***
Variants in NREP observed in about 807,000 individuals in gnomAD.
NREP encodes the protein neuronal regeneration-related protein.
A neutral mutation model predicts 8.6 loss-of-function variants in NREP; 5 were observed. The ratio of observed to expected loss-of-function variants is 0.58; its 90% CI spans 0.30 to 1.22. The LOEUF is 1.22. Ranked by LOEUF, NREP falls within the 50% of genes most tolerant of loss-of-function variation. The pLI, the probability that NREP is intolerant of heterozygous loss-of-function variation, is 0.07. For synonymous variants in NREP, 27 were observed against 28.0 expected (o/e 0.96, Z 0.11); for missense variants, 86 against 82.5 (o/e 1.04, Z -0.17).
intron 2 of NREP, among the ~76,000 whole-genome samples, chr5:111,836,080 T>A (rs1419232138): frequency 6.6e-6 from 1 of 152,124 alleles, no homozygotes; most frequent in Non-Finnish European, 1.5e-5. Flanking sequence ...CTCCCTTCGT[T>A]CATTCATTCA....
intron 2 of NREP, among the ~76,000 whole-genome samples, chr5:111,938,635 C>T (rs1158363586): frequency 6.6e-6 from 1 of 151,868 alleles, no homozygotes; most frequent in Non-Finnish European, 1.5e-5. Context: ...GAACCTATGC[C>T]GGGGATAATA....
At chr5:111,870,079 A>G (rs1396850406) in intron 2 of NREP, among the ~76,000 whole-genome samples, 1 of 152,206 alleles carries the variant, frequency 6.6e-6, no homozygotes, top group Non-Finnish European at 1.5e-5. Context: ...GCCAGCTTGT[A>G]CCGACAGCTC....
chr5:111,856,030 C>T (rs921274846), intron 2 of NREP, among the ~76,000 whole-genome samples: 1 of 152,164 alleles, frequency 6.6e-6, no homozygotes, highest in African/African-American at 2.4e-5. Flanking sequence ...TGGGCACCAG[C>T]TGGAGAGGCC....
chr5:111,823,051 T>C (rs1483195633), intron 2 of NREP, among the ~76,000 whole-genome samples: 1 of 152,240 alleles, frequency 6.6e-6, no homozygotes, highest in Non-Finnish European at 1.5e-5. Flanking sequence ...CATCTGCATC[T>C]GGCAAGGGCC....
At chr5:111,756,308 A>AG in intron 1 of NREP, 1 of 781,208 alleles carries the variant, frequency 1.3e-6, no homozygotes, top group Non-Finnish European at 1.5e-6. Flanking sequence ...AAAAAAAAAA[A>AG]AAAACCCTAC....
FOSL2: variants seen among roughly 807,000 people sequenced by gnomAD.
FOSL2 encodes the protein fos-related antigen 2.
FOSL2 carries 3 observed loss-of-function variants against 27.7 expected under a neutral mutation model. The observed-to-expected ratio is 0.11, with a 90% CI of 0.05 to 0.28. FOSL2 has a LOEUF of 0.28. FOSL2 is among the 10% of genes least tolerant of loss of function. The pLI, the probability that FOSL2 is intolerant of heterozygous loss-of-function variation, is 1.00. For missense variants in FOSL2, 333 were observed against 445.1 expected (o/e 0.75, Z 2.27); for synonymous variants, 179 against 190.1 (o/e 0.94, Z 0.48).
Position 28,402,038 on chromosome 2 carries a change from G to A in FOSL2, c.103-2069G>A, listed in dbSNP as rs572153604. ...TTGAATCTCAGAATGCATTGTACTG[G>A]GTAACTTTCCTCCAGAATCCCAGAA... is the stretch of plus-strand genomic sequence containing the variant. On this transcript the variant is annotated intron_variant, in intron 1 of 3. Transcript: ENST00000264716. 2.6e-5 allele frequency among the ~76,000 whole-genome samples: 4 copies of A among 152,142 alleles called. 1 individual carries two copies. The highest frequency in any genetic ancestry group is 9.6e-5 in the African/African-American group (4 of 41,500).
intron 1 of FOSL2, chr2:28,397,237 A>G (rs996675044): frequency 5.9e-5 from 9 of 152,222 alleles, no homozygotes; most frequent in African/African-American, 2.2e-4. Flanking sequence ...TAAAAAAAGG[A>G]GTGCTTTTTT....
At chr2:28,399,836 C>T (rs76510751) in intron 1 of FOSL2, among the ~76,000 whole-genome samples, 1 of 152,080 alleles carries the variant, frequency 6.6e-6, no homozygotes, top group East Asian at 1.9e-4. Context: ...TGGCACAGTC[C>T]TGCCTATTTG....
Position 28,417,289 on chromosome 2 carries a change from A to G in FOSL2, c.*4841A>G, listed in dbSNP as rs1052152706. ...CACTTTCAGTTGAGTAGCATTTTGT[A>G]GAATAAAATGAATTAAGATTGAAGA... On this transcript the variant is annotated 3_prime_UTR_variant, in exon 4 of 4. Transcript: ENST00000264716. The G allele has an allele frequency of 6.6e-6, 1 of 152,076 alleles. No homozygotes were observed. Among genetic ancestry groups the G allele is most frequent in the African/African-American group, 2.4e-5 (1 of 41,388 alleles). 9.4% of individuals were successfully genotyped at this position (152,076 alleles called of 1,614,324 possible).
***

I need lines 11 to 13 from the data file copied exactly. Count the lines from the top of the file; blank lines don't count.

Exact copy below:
FOSL2 encodes the protein fos-related antigen 2.
FOSL2 carries 3 observed loss-of-function variants against 27.7 expected under a neutral mutation model. The observed-to-expected ratio is 0.11, with a 90% CI of 0.05 to 0.28. FOSL2 has a LOEUF of 0.28. FOSL2 is among the 10% of genes least tolerant of loss of function. The pLI, the probability that FOSL2 is intolerant of heterozygous loss-of-function variation, is 1.00. For missense variants in FOSL2, 333 were observed against 445.1 expected (o/e 0.75, Z 2.27); for synonymous variants, 179 against 190.1 (o/e 0.94, Z 0.48).
Position 28,402,038 on chromosome 2 carries a change from G to A in FOSL2, c.103-2069G>A, listed in dbSNP as rs572153604. ...TTGAATCTCAGAATGCATTGTACTG[G>A]GTAACTTTCCTCCAGAATCCCAGAA... is the stretch of plus-strand genomic sequence containing the variant. On this transcript the variant is annotated intron_variant, in intron 1 of 3. Transcript: ENST00000264716. 2.6e-5 allele frequency among the ~76,000 whole-genome samples: 4 copies of A among 152,142 alleles called. 1 individual carries two copies. The highest frequency in any genetic ancestry group is 9.6e-5 in the African/African-American group (4 of 41,500).